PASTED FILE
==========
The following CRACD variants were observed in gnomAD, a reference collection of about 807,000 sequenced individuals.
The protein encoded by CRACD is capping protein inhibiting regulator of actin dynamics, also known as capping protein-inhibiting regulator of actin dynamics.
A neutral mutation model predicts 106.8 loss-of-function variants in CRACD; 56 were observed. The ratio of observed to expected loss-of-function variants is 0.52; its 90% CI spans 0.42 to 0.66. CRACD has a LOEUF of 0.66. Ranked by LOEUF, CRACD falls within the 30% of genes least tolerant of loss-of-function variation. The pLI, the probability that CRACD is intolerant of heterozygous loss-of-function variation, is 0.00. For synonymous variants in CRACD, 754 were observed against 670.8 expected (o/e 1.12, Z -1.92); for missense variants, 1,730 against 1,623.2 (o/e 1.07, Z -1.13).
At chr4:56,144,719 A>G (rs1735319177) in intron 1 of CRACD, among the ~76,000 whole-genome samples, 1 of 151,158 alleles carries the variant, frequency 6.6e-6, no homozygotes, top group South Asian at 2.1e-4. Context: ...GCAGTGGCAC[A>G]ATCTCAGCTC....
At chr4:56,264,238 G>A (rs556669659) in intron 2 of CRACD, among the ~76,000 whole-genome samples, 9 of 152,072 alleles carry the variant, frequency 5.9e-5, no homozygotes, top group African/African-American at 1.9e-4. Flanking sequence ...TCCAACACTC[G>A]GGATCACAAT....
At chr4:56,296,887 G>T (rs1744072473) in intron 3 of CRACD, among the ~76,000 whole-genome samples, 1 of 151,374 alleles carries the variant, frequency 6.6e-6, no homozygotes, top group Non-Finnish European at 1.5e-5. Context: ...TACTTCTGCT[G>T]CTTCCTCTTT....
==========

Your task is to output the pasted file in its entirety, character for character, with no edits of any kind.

The following CRACD variants were observed in gnomAD, a reference collection of about 807,000 sequenced individuals.
The protein encoded by CRACD is capping protein inhibiting regulator of actin dynamics, also known as capping protein-inhibiting regulator of actin dynamics.
A neutral mutation model predicts 106.8 loss-of-function variants in CRACD; 56 were observed. The ratio of observed to expected loss-of-function variants is 0.52; its 90% CI spans 0.42 to 0.66. CRACD has a LOEUF of 0.66. Ranked by LOEUF, CRACD falls within the 30% of genes least tolerant of loss-of-function variation. The pLI, the probability that CRACD is intolerant of heterozygous loss-of-function variation, is 0.00. For synonymous variants in CRACD, 754 were observed against 670.8 expected (o/e 1.12, Z -1.92); for missense variants, 1,730 against 1,623.2 (o/e 1.07, Z -1.13).
At chr4:56,144,719 A>G (rs1735319177) in intron 1 of CRACD, among the ~76,000 whole-genome samples, 1 of 151,158 alleles carries the variant, frequency 6.6e-6, no homozygotes, top group South Asian at 2.1e-4. Context: ...GCAGTGGCAC[A>G]ATCTCAGCTC....
At chr4:56,264,238 G>A (rs556669659) in intron 2 of CRACD, among the ~76,000 whole-genome samples, 9 of 152,072 alleles carry the variant, frequency 5.9e-5, no homozygotes, top group African/African-American at 1.9e-4. Flanking sequence ...TCCAACACTC[G>A]GGATCACAAT....
At chr4:56,296,887 G>T (rs1744072473) in intron 3 of CRACD, among the ~76,000 whole-genome samples, 1 of 151,374 alleles carries the variant, frequency 6.6e-6, no homozygotes, top group Non-Finnish European at 1.5e-5. Context: ...TACTTCTGCT[G>T]CTTCCTCTTT....